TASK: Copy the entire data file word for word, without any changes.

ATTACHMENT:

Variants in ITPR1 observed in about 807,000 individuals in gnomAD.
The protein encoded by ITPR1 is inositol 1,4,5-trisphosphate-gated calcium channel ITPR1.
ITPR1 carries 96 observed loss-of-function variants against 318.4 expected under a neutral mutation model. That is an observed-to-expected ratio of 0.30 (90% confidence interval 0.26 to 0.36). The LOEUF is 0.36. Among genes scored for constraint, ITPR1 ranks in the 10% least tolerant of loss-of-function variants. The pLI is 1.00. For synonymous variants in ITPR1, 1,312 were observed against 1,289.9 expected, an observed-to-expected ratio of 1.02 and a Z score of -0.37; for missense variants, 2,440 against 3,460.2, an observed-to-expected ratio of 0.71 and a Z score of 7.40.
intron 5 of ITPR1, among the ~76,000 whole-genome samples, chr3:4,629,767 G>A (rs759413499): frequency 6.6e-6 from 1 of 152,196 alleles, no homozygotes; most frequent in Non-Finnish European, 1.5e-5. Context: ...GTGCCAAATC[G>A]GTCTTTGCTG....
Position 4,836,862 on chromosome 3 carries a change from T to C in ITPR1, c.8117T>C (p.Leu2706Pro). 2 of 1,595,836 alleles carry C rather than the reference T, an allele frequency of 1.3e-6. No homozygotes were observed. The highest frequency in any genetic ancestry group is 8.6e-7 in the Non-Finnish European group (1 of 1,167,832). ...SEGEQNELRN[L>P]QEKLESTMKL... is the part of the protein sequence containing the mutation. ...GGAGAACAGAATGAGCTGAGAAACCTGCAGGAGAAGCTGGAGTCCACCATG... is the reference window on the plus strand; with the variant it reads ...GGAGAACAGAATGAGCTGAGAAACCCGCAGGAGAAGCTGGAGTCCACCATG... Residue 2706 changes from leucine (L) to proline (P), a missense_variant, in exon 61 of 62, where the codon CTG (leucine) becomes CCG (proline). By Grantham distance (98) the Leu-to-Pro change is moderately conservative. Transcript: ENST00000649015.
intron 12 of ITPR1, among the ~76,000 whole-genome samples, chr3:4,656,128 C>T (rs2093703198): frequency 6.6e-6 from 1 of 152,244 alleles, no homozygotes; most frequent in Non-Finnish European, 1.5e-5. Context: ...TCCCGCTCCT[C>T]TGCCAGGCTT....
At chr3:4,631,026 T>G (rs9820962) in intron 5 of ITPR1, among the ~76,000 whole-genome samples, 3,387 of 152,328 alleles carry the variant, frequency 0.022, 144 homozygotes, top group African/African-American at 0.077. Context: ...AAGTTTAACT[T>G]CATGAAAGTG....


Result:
Variants in ITPR1 observed in about 807,000 individuals in gnomAD.
The protein encoded by ITPR1 is inositol 1,4,5-trisphosphate-gated calcium channel ITPR1.
ITPR1 carries 96 observed loss-of-function variants against 318.4 expected under a neutral mutation model. That is an observed-to-expected ratio of 0.30 (90% confidence interval 0.26 to 0.36). The LOEUF is 0.36. Among genes scored for constraint, ITPR1 ranks in the 10% least tolerant of loss-of-function variants. The pLI is 1.00. For synonymous variants in ITPR1, 1,312 were observed against 1,289.9 expected, an observed-to-expected ratio of 1.02 and a Z score of -0.37; for missense variants, 2,440 against 3,460.2, an observed-to-expected ratio of 0.71 and a Z score of 7.40.
intron 5 of ITPR1, among the ~76,000 whole-genome samples, chr3:4,629,767 G>A (rs759413499): frequency 6.6e-6 from 1 of 152,196 alleles, no homozygotes; most frequent in Non-Finnish European, 1.5e-5. Context: ...GTGCCAAATC[G>A]GTCTTTGCTG....
Position 4,836,862 on chromosome 3 carries a change from T to C in ITPR1, c.8117T>C (p.Leu2706Pro). 2 of 1,595,836 alleles carry C rather than the reference T, an allele frequency of 1.3e-6. No homozygotes were observed. The highest frequency in any genetic ancestry group is 8.6e-7 in the Non-Finnish European group (1 of 1,167,832). ...SEGEQNELRN[L>P]QEKLESTMKL... is the part of the protein sequence containing the mutation. ...GGAGAACAGAATGAGCTGAGAAACCTGCAGGAGAAGCTGGAGTCCACCATG... is the reference window on the plus strand; with the variant it reads ...GGAGAACAGAATGAGCTGAGAAACCCGCAGGAGAAGCTGGAGTCCACCATG... Residue 2706 changes from leucine (L) to proline (P), a missense_variant, in exon 61 of 62, where the codon CTG (leucine) becomes CCG (proline). By Grantham distance (98) the Leu-to-Pro change is moderately conservative. Transcript: ENST00000649015.
intron 12 of ITPR1, among the ~76,000 whole-genome samples, chr3:4,656,128 C>T (rs2093703198): frequency 6.6e-6 from 1 of 152,244 alleles, no homozygotes; most frequent in Non-Finnish European, 1.5e-5. Context: ...TCCCGCTCCT[C>T]TGCCAGGCTT....
At chr3:4,631,026 T>G (rs9820962) in intron 5 of ITPR1, among the ~76,000 whole-genome samples, 3,387 of 152,328 alleles carry the variant, frequency 0.022, 144 homozygotes, top group African/African-American at 0.077. Context: ...AAGTTTAACT[T>G]CATGAAAGTG....